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Tuesday, November 9, 2021

Recap & Analysis | Dexter: New Blood Season 1 Episode 1 “Cold Snap”

DexterDaily's recap & breakdown for the series premiere, by Nick Henderson!


SPOILER WARNING! The following contains MASSIVE SPOILERS for the premiere episode of ‘Dexter New Blood’ titled ‘Cold Snap’ - Proceed with caution. I have also sprinkled in some notes about how the crowd responded to certain moments at the premiere and how the episode honors certain elements of the original finale.

In the opening moments of Dexter New Blood, Dexter Morgan runs through the woods, rifle in hand, as he tries to catch up with his prey; A beautiful white Buck. Iggy Pop’s ‘Passenger’ plays over the dramatic sprint and brings us rushing into Dexter’s new world in style. He takes aim through his scope, locks eyes with the magnificent creature, and then takes his finger off the trigger… He can’t do it. In that instant, it is clear that Dexter has changed.

Meet Jim Lindsay and his Imaginary Roommate

Rather than rely on an awkward exposition dump that immediately drums up old memories of the original ending, the writers play with the negative space to set the stage; They trust the audience completely so as not to immediately dull the impact of this highly anticipated revival. They drop us right into the mix and trust us to make the important connections ourselves. It’s a move that risks alienating new viewers while rewarding long time fans; a risk that seems well worth taking as it benefits the storytelling greatly.

With a few simple context clues, it’s easy to piece together: Dexter is living far away from Miami, reluctant to shed blood of any kind, and perhaps most importantly, his iconic inner voice is nowhere to be found (Remember Lumberjack Dexter staring out the window in tormented silence? This is one of the first elements of the original finale that is honored in New Blood). We passively watch as he goes through the motions of his daily routine of chopping wood, feeding livestock, setting ice-fishing lures, and cooking breakfast. Despite the outward appearance of peace and tranquility, it is obvious that Dexter is living a somewhat tortured existence.


Suddenly it happens. A voice off camera cuts through the silence and we realize Dexter is not truly alone (This is the first moment the theater lost its collective mind). Deb initiates casual banter with Dexter who reciprocates with relative silence and a quick dance across the floor to indicate that he is ready for his impending social commitment. He takes a seat across from her at the kitchen table and proceeds to eat in silence. She rests her head on the table before a subtle change in camera angle reminds us of the truth: that Deb is long dead and Dexter is actually alone. We knew it was coming but the framing of this scene hits hard and establishes Deb as something very different than Harry… this is a haunting; A constant reminder of what’s at stake if he slips back into his old habits.


While this episode certainly serves as the catalyst for the central conflict, it also establishes the foundation on which the show will tell it’s story for the next 9 episodes to follow. We get a better look at the town of Iron Lake and see just how ingrained Dexter, now going by Jim Lindsay, has become in the community. He is dating (and engaging in kinky role-playing with) the Chief of Police, Angela Bishop; He is well liked by the local butcher who depends on him to keep his knives sharp; He is even working as a sales clerk at the local hunting store under the supervision of the delightful Fred Jr (played by Michael Cyril Creighton). All-in-all, Jim is an affable fellow wearing a very convincing person mask.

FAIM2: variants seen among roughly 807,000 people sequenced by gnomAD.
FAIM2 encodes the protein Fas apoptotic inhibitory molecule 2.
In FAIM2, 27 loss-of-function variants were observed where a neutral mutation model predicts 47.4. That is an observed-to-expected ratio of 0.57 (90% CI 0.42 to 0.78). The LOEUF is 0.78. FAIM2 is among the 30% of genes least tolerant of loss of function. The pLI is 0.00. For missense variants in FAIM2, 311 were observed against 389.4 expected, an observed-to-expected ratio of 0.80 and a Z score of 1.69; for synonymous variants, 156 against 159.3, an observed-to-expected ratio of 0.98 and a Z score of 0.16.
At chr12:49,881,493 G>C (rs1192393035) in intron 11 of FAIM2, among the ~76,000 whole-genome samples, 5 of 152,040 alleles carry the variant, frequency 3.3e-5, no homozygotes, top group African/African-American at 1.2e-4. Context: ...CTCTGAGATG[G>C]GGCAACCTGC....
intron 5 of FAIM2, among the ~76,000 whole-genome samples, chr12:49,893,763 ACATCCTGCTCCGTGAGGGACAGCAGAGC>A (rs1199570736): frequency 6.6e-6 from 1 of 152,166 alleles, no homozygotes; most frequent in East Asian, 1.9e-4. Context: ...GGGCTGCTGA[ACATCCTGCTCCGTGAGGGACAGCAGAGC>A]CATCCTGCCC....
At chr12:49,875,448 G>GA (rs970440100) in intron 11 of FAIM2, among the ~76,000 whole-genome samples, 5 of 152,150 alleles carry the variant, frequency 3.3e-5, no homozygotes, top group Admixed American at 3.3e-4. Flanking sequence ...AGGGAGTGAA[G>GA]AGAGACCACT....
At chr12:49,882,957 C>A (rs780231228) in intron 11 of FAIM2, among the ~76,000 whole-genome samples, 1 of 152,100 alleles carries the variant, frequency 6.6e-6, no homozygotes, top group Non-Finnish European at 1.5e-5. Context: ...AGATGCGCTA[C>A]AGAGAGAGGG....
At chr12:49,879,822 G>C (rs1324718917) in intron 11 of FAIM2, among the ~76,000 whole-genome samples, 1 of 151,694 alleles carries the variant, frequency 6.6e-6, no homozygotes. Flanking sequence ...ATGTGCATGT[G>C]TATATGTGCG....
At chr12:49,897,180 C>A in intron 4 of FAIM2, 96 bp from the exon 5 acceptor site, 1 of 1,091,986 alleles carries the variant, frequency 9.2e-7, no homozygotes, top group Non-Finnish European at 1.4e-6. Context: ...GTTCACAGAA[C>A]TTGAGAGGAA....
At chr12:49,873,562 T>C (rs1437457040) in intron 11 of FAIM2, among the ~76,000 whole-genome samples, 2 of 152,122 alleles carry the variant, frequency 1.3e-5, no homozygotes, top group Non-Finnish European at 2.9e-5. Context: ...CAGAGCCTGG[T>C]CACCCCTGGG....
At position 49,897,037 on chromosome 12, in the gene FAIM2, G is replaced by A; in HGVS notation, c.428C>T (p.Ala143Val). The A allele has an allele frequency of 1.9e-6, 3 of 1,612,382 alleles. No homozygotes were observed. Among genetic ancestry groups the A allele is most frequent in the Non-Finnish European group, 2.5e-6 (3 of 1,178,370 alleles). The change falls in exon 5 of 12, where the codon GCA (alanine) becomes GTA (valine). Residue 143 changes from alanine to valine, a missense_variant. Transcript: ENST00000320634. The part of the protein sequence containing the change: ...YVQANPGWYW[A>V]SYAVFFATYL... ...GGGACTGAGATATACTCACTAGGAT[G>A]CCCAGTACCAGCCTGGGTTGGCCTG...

My Thoughts: Dexter’s reintroduction as Jim Lindsay is straightforward and effective. But the juxtaposition of Jim Lindsay on the streets to Dexter Morgan at the cabin is heartbreaking (in a good way). Deb’s re-appearance, while not a surprise, was shocking in it’s execution. Dexter comes across as someone who is clearly not sane because Deb is portrayed a lot like an imaginary roommate. She subtly teleports throughout the scene and then vanishes entirely, leaving Dexter alone to eat his breakfast in silence. She exists to guide him and keep him on track rather than encourage his dangerous behavior the way that Harry did. She is a reminder that Dexter, at the end of the day, is a tragic character.

Penance, Meet Temptation

Three times throughout “Cold Snap,” we see Dexter return to the woods in pursuit of the beautiful albino Buck. By the second time, it is fairly obvious that the animal represents something very important to Dexter: his desire to change and to honor his sister’s memory. Running through the woods to catch a glimpse of the animal seems like just another part of his morning routine. So when we first meet Matt Caldwell (the rich and entitled son of a local big shot who has returned to Iron Lake for hunting season), we are expected to immediately recognize the threat that Matt represents to Dexter and his hard-earned sobriety.

After his attempt to purchase an expensive new rifle is temporarily thwarted by a government background check, Matt takes his leave but his encounter with Dexter has already made an impact. In fact, his very presence follows Dexter for the rest of the day, constantly popping back up and feeding him information about his reckless lifestyle that Dexter tries like hell to ignore.


The conflict with Matt finally comes to a head when Dexter is tasked with delivering his new Rifle at his father’s lodge. Dexter reluctantly shows up during a big, drug-fueled party and quickly learns more than he ever wanted to know about Matt’s past. In a drunken rage, Bill (aka Dickface) lets slip that Matt was responsible for the boating accident that left five people dead. The walls holding Dexter’s Dark Passenger at bay start to crumble but he remains steadfast. Despite his steady resolve, Dexter imagines himself breaking Matt’s nose with the butt of his shiny new rifle. Recognizing the dangers of temptation, Dexter removes himself from the situation. Unfortunately though, he is jumping out of the frying pan and into the fire.